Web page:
This Week in History


Thinker and Wanderer: Newfoundland’s Margaret Duley

For the week of Monday September 24, 2007

On September 27, 1894,

Margaret Iris Duley
© Memorial University of Newfoundland Libraries

Margaret Iris Duley – suffragist, feminist, and the first Newfoundland novelist to attain international popular acclaim – was born in St. John’s, Newfoundland. Margaret was an imaginative child who excelled in reading and acting, talents that she later cultivated at the Royal Academy of Drama and Elocution in London, England.

Returning home before the outbreak of the First World War, Margaret became active in the Women’s Patriotic Association (WPA), a group organized to provide small necessities to the Allied soldiers. Socks were one such necessity – the WPA produced 62,685 pairs – and socks became the subject of Margaret’s first published work. The epilogue poem, A Pair of Grey Socks, was her contribution to her mother’s modest booklet of the same name, a dedication to the Newfoundland Regiment fighting overseas.

Eyes of the Gull (1936)
© Margot I. Duley
When hostilities ended, the WPA formed the framework for the Women’s Franchise League and Margaret took on an active role, speaking at Ladies Reading Rooms and Current Events Clubs in support of women’s suffrage. After gaining the right to vote in municipal (1920) and parliamentary elections (1925), the “free thinking, free spirited, outspoken and charismatic” Duley shifted her advocacy to women’s workplace and pay-equity issues, an unpopular position in 1920s Newfoundland.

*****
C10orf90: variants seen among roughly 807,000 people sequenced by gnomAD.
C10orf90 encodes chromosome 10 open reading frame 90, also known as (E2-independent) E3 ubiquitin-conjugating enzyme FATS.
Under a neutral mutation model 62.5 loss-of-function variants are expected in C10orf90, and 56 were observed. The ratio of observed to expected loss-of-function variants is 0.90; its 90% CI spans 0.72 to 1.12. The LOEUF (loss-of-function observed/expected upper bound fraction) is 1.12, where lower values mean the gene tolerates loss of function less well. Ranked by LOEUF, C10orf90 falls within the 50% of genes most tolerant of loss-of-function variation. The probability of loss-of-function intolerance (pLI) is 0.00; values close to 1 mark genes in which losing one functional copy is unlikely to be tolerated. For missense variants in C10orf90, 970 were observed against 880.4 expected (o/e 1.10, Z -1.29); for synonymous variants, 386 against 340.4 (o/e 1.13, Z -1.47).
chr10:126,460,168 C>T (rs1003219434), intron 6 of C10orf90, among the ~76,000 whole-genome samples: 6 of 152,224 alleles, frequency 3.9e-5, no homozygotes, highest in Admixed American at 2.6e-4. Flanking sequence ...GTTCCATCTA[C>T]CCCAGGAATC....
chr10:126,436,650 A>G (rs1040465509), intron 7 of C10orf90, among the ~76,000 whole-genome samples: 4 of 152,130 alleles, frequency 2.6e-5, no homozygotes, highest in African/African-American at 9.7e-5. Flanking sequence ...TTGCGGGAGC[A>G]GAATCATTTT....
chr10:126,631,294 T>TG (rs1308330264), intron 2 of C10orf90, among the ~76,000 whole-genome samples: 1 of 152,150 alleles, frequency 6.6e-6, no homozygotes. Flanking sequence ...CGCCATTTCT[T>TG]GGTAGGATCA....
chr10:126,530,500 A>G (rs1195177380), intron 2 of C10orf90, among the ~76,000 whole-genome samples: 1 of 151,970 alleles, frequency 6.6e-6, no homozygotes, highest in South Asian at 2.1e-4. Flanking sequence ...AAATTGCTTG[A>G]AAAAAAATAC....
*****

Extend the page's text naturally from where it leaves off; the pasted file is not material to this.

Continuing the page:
Cold Pastoral (1939)
© Margot I. Duley
Margaret’s first novel, The Eyes of the Gull (1936), was immediately popular in England, Canada and Europe. While the broader Newfoundland society criticized the book, her family and close friends were supportive and urged her to continue. Never married, Duley gave birth to four more fiction novels – she referred to them as her “brain-children” – three of which attracted an even larger international readership. Her almost poetic novels were rich depictions of the people she had known, and the island settings and landscapes she had explored. Her novels abounded with vivid images of both the beauty and harshness of Newfoundland and Labrador. Each book contained strong, independent women characters confronting such social issues as abortion, divorce and female sexuality; subjects considered unsuitable for public discussion by Newfoundland society.

Duley’s first novel was written in an established British literary model based on the male perspective. However, with her second novel, Cold Pastoral (1939), she rejected this style and began to incorporate 20th-century literary styles and themes, narrating each successive novel from a feminist viewpoint and attitude built solely from her experiences in Newfoundland.

For her significant contributions to Canadian literature and Newfoundland culture, Margaret Iris Duley was designated a National Historic Person in 1976.

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